Other factors relate to the testing process itself, according to Lisa Sapp, biopharma market manager with Agilent Technologies. The selected isolation method—precipitation, filtration, centrifugation, extraction, etc.—should not affect the impurities with respect to concentration or composition. If derivatization is necessary to improve the sensitivity and detectability of the analyte in question, any loss in recovery must be accounted for. Filtration of samples must not cause any interference either. The chosen separation and detection technologies must also be suitable to the analysis without degradation of the impurities occurring.
Overall, potential process-related and other residual impurities need to be evaluated with regard to their criticality and their potential to pose any risk to patient safety, asserts Stefan Braun, regulatory affairs manager with Rentschler Biopharma. “The risk assessment should aim at identifying and assessing those molecules where an element of risk may remain even at very low concentration, with potential risk evaluated in a multi-stage approach,” he notes.
The best solution to managing risk factors is to use quality by design (QbD) to classify them, applying tools such as Ishikawa fishbone diagrams or failure mode and effects analysis (FMEA), agrees Luc-Alain Savoy, global head of biologics at SGS.
“Critical quality attributes will be identified during this risk-assessment step and their criticality addressed from a safety perspective. Efficient purification processes will be designed and validated to remove the residual impurities. Monitoring the efficiency of the residual impurities will be guaranteed through the development of robust analytical methods,” he explains. Savoy also recommends that methods be developed following an analytical QbD approach.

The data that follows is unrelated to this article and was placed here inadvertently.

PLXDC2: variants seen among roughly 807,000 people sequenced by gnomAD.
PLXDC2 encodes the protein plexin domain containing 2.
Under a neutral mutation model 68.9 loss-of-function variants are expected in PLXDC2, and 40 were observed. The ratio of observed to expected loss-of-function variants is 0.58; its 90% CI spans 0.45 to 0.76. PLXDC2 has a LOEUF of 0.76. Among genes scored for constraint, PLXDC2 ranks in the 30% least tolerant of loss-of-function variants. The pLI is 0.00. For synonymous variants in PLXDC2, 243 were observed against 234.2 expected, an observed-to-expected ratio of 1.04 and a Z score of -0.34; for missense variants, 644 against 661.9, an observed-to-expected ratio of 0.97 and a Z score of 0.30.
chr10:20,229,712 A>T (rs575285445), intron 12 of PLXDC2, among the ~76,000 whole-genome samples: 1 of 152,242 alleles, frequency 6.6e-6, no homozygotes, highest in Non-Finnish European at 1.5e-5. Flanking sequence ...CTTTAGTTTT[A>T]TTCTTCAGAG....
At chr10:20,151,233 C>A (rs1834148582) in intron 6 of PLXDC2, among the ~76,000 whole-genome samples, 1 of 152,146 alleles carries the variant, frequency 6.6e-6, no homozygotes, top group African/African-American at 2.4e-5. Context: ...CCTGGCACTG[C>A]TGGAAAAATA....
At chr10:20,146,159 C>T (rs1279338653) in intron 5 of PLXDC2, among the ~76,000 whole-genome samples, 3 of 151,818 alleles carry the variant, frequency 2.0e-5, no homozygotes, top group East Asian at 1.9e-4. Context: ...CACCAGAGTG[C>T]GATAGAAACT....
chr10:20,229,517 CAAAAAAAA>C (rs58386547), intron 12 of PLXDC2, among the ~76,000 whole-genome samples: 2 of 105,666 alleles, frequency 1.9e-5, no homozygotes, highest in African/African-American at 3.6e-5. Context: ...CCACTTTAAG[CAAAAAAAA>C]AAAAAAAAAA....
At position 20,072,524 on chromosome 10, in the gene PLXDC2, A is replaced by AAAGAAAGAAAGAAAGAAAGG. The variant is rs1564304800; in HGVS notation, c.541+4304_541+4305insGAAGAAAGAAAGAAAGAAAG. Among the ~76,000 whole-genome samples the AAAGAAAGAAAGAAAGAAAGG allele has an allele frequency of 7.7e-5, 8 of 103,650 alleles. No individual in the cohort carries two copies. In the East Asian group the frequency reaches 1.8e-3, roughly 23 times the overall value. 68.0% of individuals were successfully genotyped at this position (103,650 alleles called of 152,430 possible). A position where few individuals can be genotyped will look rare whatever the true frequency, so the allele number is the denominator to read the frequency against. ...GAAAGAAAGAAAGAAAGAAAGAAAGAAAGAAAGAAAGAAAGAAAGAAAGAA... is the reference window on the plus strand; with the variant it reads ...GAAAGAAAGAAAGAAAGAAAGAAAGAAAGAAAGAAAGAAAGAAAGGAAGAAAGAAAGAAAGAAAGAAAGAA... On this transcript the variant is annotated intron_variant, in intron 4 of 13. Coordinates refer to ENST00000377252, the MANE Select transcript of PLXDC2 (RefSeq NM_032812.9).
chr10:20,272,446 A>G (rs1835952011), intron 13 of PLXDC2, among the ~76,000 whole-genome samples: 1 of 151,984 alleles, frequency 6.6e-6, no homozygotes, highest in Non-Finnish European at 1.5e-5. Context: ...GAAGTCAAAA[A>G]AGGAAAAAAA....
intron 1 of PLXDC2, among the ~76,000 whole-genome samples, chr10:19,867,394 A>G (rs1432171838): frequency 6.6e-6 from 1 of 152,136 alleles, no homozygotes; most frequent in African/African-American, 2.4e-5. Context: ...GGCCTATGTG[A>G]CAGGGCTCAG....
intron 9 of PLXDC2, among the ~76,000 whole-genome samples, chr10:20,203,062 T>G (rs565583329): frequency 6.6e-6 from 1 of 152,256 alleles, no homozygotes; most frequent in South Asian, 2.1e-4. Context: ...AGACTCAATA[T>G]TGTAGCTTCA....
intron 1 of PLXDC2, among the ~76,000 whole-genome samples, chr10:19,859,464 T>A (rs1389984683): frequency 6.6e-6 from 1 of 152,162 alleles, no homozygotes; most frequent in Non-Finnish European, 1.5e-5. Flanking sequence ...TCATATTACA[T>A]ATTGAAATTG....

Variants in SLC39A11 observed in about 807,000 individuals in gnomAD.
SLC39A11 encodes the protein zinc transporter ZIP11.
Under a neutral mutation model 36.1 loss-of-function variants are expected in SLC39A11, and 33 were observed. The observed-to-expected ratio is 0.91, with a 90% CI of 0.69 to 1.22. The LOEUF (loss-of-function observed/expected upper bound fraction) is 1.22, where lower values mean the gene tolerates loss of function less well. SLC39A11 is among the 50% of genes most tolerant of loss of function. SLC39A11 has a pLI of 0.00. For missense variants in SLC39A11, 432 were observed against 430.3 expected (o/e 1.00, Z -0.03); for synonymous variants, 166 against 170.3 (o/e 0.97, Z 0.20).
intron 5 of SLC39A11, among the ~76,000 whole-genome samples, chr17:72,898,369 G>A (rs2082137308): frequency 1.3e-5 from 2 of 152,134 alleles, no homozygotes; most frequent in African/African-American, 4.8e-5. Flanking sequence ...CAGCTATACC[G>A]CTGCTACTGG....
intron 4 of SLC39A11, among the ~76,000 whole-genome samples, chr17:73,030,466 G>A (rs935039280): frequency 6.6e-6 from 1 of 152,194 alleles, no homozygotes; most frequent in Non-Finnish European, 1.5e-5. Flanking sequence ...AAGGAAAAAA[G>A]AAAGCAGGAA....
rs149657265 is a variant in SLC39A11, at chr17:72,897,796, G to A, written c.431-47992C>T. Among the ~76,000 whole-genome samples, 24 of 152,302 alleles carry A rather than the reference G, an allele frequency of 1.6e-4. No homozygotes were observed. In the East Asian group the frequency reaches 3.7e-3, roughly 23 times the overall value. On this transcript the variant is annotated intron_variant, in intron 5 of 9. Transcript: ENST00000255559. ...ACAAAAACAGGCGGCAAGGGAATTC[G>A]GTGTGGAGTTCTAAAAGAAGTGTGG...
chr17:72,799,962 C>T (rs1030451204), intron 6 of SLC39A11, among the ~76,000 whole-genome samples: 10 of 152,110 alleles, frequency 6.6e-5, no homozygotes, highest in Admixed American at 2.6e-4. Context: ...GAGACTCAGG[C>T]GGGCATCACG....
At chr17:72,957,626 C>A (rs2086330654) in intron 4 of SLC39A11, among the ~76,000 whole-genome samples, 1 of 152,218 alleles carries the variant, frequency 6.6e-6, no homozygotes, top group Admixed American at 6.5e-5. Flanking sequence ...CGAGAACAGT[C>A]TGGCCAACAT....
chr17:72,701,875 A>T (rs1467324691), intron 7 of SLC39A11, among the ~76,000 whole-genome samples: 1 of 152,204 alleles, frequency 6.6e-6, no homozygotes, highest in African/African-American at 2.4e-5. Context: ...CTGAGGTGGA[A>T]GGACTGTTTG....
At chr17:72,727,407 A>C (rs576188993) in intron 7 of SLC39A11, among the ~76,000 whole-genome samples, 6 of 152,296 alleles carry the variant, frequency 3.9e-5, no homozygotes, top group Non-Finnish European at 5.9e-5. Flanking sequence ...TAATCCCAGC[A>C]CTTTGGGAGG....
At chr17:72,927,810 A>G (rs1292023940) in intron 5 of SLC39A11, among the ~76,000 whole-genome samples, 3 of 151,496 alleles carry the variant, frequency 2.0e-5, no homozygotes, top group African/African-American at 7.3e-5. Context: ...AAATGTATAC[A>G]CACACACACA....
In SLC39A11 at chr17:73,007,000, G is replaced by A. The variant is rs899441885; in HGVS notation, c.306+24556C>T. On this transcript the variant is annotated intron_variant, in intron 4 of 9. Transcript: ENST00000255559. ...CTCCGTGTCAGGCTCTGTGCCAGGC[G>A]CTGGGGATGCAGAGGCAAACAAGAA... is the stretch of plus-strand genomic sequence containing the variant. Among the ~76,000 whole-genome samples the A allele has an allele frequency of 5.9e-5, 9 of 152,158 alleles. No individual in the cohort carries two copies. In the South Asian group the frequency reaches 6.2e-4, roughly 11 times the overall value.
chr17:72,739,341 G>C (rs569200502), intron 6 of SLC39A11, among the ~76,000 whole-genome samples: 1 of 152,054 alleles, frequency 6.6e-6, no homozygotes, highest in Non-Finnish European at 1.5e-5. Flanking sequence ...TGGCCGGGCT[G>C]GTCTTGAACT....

Specific factors to assess for possible impurities include requirements established in regulatory guidelines, acute and chronic toxicity, risk of co-purification, and natural occurrence in humans, according to Braun. If one or more of these factors is deemed critical, the potential impurity should be further evaluated in the next step of the risk assessment.
For process-related impurities, Braun notes that as long as the theoretical amount of the substance in the drug substance is below the toxicologically relevant limit (acceptable level), the substance is rated as uncritical and analytical testing in the drug substance is not recommended. If the theoretical amount in drug substance exceeds the acceptable level, the molecule is recommended for testing on drug substance level. Depletion of such molecules in the final process design should, however, be confirmed during process characterization and process validation.
There are several relevant regulations that address the identification and evaluation of residual impurities. The International Council for Harmonization (ICH) Q6B guideline (1) provides general information on setting and justifying release and in-process specifications for both process and product-related impurities in drug substances and how the suitability of any method should be addressed within the guidances outlined in ICH Q2 (R1) (2). European Pharmacopoeia monograph <0784> (3) and United States Pharmacopeia General Chapter <1132> (4) provide specific guidance on the control of host-cell-derived process-related impurities using appropriate risk-management strategies. The ICH Q9 guideline (5) discusses a risk-based approach for determining the testing requirements for monitoring the removal of reagents from processes; ICH Q3C (R6) (6) addresses residual solvents; and ICH Q3D (7) covers elemental impurities.